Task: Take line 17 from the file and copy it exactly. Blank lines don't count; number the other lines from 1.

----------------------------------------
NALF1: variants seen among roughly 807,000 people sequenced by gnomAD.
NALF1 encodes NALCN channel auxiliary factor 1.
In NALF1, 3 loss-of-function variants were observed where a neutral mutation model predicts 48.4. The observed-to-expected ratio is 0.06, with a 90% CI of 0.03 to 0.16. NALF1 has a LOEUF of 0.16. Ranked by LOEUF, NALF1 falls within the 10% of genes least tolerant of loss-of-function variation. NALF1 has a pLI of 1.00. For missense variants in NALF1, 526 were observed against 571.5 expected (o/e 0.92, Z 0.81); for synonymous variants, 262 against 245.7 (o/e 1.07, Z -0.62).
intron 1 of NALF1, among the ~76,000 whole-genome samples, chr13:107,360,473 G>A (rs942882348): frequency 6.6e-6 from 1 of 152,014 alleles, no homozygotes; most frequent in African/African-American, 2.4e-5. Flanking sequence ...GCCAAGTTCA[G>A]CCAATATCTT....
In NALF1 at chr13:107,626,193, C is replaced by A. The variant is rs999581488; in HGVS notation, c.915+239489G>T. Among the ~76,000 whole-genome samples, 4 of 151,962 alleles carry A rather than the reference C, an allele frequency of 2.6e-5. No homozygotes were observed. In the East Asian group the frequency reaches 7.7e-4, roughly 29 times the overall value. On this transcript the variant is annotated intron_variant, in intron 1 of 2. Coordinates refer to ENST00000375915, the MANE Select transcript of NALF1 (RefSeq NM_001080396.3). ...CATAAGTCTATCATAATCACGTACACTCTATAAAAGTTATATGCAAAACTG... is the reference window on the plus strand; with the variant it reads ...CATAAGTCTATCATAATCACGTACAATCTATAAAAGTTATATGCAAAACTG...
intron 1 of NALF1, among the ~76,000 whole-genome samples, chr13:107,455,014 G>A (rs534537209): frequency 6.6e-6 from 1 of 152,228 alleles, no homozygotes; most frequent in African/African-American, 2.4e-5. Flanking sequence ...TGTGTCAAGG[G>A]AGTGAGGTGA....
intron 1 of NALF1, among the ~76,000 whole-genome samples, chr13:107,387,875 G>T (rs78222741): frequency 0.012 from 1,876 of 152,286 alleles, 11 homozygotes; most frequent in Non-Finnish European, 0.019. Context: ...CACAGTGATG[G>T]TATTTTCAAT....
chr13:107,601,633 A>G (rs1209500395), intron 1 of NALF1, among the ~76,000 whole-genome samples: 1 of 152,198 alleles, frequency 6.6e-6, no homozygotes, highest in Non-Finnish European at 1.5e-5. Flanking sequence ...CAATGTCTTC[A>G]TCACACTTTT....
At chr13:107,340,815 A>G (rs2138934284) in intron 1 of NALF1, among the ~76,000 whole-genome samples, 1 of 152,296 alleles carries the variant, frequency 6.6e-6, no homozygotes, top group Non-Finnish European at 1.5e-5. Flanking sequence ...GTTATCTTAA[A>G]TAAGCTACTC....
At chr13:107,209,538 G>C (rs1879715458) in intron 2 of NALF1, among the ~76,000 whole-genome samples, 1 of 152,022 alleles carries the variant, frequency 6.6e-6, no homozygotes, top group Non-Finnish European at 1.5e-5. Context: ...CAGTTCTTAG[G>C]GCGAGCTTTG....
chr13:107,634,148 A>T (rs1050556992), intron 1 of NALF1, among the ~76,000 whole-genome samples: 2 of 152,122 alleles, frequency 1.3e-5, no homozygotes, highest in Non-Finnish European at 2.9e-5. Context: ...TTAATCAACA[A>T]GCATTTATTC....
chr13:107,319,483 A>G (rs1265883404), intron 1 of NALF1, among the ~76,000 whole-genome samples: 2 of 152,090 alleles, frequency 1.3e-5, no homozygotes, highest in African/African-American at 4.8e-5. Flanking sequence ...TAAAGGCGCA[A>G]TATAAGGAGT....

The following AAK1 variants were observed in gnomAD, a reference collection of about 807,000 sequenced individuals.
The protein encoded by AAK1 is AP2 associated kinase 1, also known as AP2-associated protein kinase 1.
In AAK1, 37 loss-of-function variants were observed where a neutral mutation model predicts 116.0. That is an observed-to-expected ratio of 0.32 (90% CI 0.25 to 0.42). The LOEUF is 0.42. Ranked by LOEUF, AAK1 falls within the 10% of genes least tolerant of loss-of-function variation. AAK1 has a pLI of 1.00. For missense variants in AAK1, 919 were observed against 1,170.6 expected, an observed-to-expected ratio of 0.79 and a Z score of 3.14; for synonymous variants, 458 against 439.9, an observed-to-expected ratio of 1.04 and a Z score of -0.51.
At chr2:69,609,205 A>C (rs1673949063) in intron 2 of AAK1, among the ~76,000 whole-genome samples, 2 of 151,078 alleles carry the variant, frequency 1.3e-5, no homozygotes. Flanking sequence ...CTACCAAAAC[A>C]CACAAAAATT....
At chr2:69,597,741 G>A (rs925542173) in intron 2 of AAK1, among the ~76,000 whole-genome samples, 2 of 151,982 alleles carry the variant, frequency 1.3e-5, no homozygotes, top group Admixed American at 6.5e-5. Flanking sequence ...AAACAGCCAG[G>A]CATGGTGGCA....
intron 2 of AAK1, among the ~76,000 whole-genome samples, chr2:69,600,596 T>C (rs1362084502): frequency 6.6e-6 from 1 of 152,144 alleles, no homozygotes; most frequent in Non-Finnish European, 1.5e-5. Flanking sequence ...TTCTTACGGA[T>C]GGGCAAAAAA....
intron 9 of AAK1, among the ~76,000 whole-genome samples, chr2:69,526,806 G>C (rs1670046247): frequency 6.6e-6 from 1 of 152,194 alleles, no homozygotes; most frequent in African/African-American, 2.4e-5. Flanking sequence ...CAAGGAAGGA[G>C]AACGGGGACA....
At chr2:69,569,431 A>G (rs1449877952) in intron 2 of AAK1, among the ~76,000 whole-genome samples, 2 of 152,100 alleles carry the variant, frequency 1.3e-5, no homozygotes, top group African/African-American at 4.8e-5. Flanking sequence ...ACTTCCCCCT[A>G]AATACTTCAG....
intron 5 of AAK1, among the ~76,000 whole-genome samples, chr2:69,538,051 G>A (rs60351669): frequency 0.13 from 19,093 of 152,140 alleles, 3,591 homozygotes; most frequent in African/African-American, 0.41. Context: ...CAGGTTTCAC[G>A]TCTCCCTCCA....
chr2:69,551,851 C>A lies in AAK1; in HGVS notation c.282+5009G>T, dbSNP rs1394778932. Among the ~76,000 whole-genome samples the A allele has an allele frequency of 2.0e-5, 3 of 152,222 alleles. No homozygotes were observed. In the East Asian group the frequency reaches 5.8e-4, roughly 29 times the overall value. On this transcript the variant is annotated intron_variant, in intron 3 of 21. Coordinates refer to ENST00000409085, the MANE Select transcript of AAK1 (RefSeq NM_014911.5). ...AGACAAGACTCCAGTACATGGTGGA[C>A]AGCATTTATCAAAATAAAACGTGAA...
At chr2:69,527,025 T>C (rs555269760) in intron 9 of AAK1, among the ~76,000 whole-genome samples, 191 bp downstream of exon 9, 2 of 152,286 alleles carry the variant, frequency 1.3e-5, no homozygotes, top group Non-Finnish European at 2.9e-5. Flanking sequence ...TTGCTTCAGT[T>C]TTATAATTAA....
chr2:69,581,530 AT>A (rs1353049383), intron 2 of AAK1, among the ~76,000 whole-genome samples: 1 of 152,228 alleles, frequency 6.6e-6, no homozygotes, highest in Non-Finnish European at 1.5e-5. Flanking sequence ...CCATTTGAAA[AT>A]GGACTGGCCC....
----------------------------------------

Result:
At chr2:69,597,741 G>A (rs925542173) in intron 2 of AAK1, among the ~76,000 whole-genome samples, 2 of 151,982 alleles carry the variant, frequency 1.3e-5, no homozygotes, top group Admixed American at 6.5e-5. Flanking sequence ...AAACAGCCAG[G>A]CATGGTGGCA....